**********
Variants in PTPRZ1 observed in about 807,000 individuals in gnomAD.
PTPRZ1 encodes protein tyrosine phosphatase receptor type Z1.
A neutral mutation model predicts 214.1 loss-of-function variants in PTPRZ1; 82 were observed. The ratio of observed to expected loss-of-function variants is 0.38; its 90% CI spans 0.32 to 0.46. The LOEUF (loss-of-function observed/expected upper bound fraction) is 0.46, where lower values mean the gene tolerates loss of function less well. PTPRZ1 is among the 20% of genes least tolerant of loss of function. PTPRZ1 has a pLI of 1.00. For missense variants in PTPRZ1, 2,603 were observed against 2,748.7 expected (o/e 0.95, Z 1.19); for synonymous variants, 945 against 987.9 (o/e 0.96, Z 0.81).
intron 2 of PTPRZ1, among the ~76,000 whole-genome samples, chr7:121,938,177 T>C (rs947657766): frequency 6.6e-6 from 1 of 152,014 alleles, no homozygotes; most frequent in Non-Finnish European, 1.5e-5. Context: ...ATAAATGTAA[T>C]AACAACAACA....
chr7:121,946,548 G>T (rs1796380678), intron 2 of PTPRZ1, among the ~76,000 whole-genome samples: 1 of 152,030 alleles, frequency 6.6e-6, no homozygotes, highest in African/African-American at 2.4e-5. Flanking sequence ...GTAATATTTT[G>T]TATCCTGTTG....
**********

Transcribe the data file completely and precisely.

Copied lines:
Variants in PTPRZ1 observed in about 807,000 individuals in gnomAD.
PTPRZ1 encodes protein tyrosine phosphatase receptor type Z1.
A neutral mutation model predicts 214.1 loss-of-function variants in PTPRZ1; 82 were observed. The ratio of observed to expected loss-of-function variants is 0.38; its 90% CI spans 0.32 to 0.46. The LOEUF (loss-of-function observed/expected upper bound fraction) is 0.46, where lower values mean the gene tolerates loss of function less well. PTPRZ1 is among the 20% of genes least tolerant of loss of function. PTPRZ1 has a pLI of 1.00. For missense variants in PTPRZ1, 2,603 were observed against 2,748.7 expected (o/e 0.95, Z 1.19); for synonymous variants, 945 against 987.9 (o/e 0.96, Z 0.81).
intron 2 of PTPRZ1, among the ~76,000 whole-genome samples, chr7:121,938,177 T>C (rs947657766): frequency 6.6e-6 from 1 of 152,014 alleles, no homozygotes; most frequent in Non-Finnish European, 1.5e-5. Context: ...ATAAATGTAA[T>C]AACAACAACA....
chr7:121,946,548 G>T (rs1796380678), intron 2 of PTPRZ1, among the ~76,000 whole-genome samples: 1 of 152,030 alleles, frequency 6.6e-6, no homozygotes, highest in African/African-American at 2.4e-5. Flanking sequence ...GTAATATTTT[G>T]TATCCTGTTG....